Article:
When I first got Parkinson’s I thought, "This is nobody's business, nobody needs to know." Some family knew, some didn't but the only person I was fooling was myself. There was nobody who saw me and didn’t know something was going on. They just didn't know what.
I got to the point at work where somebody said to me, "Have you been drinking?" They saw me shaking. I said, "No, it's Parkinson's." They were embarrassed for asking, but by telling people it gave me freedom. I was no longer a slave to keeping a secret.
Here's a funny story. My cat peed on my jacket. I didn't smell it because loss of sense of smell is one of the big, common symptoms of Parkinson's. The people in my office are like gagging, and saying, "Somebody's got to tell him." Finally, somebody told me. I said, "Look, it's Parkinson's. I didn't smell it. I wouldn't come in here smelling of cat piss on purpose." Threw the jacket out.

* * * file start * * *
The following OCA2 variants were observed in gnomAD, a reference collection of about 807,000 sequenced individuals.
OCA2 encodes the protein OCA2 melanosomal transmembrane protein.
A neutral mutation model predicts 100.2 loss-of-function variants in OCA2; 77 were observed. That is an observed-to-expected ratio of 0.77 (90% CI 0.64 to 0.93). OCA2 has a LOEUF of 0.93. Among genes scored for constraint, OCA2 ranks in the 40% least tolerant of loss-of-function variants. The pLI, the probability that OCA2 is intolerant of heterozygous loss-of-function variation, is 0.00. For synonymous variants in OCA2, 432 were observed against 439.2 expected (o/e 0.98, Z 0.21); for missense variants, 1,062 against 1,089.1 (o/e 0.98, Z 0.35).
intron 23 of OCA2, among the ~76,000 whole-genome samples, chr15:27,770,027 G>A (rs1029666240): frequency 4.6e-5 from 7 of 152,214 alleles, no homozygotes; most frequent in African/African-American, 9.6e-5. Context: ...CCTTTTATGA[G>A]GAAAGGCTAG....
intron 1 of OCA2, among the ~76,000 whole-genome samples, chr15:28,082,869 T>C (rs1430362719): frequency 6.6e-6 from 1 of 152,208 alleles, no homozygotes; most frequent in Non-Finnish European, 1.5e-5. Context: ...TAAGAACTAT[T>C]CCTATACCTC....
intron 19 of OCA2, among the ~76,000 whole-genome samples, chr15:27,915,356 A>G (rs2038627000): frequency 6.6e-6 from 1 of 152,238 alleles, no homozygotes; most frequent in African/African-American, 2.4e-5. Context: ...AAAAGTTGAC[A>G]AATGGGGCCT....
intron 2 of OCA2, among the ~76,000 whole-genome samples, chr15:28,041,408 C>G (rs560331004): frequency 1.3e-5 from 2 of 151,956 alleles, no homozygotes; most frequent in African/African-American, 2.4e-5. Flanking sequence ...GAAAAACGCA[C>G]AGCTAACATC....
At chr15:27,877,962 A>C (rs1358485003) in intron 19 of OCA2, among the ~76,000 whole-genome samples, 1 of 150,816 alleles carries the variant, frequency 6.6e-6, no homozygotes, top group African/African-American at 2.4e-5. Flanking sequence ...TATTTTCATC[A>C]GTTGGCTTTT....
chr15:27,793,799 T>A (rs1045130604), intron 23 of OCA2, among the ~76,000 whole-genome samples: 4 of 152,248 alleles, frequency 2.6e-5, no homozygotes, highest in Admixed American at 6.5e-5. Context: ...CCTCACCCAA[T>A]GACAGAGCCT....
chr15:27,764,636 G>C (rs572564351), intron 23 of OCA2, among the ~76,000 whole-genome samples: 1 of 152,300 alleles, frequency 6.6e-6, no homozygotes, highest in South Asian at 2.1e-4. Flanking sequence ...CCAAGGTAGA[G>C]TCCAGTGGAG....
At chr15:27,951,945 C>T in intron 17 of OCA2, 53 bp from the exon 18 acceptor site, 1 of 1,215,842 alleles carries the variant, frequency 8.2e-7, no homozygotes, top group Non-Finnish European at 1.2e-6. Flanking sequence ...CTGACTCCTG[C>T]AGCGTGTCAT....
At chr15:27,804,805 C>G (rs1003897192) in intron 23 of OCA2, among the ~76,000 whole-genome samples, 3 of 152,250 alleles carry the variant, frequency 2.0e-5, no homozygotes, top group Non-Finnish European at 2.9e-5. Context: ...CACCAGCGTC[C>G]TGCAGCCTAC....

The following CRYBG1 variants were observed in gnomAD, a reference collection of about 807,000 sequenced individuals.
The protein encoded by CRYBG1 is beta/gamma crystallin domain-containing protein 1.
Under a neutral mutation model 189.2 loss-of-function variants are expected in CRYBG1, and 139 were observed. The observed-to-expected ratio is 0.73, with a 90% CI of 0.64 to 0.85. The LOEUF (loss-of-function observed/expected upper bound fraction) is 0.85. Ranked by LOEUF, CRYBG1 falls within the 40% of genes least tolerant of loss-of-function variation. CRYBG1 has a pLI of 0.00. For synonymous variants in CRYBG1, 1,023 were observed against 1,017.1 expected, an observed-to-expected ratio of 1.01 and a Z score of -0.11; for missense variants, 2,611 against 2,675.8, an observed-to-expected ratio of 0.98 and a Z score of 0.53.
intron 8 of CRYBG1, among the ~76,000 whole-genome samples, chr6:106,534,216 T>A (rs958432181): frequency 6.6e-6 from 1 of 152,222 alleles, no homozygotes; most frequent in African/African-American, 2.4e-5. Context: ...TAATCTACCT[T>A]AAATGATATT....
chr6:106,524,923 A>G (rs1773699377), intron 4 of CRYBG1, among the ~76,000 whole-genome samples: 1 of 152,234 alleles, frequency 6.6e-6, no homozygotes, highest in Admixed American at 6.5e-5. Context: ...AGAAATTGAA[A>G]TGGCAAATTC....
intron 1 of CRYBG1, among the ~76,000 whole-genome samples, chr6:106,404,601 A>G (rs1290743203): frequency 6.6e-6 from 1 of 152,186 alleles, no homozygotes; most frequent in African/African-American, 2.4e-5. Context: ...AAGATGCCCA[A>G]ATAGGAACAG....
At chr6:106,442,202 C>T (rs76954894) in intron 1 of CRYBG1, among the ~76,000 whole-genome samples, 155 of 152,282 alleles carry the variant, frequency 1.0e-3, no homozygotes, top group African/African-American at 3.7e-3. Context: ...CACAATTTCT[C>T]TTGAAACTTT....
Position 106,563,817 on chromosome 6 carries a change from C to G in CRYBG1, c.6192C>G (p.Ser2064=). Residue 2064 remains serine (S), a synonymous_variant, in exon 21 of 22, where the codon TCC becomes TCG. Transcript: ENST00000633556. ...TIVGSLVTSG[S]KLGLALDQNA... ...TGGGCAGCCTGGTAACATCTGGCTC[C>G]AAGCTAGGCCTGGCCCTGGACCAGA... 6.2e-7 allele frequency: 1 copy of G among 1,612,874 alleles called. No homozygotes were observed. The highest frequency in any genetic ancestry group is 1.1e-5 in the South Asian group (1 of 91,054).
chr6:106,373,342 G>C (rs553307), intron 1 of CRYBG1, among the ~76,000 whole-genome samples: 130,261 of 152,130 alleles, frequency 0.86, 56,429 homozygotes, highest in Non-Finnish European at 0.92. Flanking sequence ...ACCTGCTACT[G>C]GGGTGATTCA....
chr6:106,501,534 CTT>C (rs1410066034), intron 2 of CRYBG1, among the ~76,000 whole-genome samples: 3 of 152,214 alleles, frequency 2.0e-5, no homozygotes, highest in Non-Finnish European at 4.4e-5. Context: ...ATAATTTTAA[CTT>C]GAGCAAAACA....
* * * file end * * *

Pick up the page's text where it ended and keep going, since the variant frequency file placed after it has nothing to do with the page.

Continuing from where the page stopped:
You've got to live and not be embarrassed by stuff you can't do anything about.
Now I've become an advocate and an educator. I run the local support group, Young Onset of Westchester and the Bronx. We meet once a month at Burke Rehabilitation Center in White Plains. It's a group that's grown wings and legs, because every month we attract new members and we fill a need to communicate with people who need answers. It's different than going on the net and talking to people all over the world. To sit down in a room with people and say, "This is what's going on in my life, these are the symptoms I've got, these are the symptoms my husband or partner has, this is what I need help with," and have somebody be able to give you personal experience.
I'm 56 now; I was 44 when I was first diagnosed. I think in 5 years I will be right where I am now, working and living and boating and fishing and doing my thing.
- ©2014 Peter B. Scharff
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